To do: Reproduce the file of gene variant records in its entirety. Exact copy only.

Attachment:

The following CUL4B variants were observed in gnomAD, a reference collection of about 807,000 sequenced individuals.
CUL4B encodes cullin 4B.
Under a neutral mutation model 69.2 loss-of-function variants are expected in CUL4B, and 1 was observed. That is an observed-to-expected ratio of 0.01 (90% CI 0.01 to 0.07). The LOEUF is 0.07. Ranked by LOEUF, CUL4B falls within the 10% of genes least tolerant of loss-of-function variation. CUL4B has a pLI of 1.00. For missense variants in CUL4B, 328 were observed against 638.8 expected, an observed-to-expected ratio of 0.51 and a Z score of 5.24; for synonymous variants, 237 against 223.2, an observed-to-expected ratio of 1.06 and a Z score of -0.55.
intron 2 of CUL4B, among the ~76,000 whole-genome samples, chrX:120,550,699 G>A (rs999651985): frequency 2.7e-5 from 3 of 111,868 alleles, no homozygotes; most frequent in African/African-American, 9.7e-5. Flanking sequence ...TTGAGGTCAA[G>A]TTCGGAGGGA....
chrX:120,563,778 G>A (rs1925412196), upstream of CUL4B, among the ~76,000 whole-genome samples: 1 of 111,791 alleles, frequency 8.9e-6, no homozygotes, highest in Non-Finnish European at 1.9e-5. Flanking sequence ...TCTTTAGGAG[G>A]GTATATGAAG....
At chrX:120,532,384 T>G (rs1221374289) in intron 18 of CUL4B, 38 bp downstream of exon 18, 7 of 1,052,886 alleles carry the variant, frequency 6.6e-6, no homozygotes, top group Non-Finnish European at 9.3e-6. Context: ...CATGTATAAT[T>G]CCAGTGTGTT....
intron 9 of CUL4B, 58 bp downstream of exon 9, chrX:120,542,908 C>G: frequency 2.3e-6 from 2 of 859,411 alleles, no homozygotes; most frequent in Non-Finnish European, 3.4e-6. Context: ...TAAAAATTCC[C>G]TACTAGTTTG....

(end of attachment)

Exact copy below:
The following CUL4B variants were observed in gnomAD, a reference collection of about 807,000 sequenced individuals.
CUL4B encodes cullin 4B.
Under a neutral mutation model 69.2 loss-of-function variants are expected in CUL4B, and 1 was observed. That is an observed-to-expected ratio of 0.01 (90% CI 0.01 to 0.07). The LOEUF is 0.07. Ranked by LOEUF, CUL4B falls within the 10% of genes least tolerant of loss-of-function variation. CUL4B has a pLI of 1.00. For missense variants in CUL4B, 328 were observed against 638.8 expected, an observed-to-expected ratio of 0.51 and a Z score of 5.24; for synonymous variants, 237 against 223.2, an observed-to-expected ratio of 1.06 and a Z score of -0.55.
intron 2 of CUL4B, among the ~76,000 whole-genome samples, chrX:120,550,699 G>A (rs999651985): frequency 2.7e-5 from 3 of 111,868 alleles, no homozygotes; most frequent in African/African-American, 9.7e-5. Flanking sequence ...TTGAGGTCAA[G>A]TTCGGAGGGA....
chrX:120,563,778 G>A (rs1925412196), upstream of CUL4B, among the ~76,000 whole-genome samples: 1 of 111,791 alleles, frequency 8.9e-6, no homozygotes, highest in Non-Finnish European at 1.9e-5. Flanking sequence ...TCTTTAGGAG[G>A]GTATATGAAG....
At chrX:120,532,384 T>G (rs1221374289) in intron 18 of CUL4B, 38 bp downstream of exon 18, 7 of 1,052,886 alleles carry the variant, frequency 6.6e-6, no homozygotes, top group Non-Finnish European at 9.3e-6. Context: ...CATGTATAAT[T>G]CCAGTGTGTT....
intron 9 of CUL4B, 58 bp downstream of exon 9, chrX:120,542,908 C>G: frequency 2.3e-6 from 2 of 859,411 alleles, no homozygotes; most frequent in Non-Finnish European, 3.4e-6. Context: ...TAAAAATTCC[C>G]TACTAGTTTG....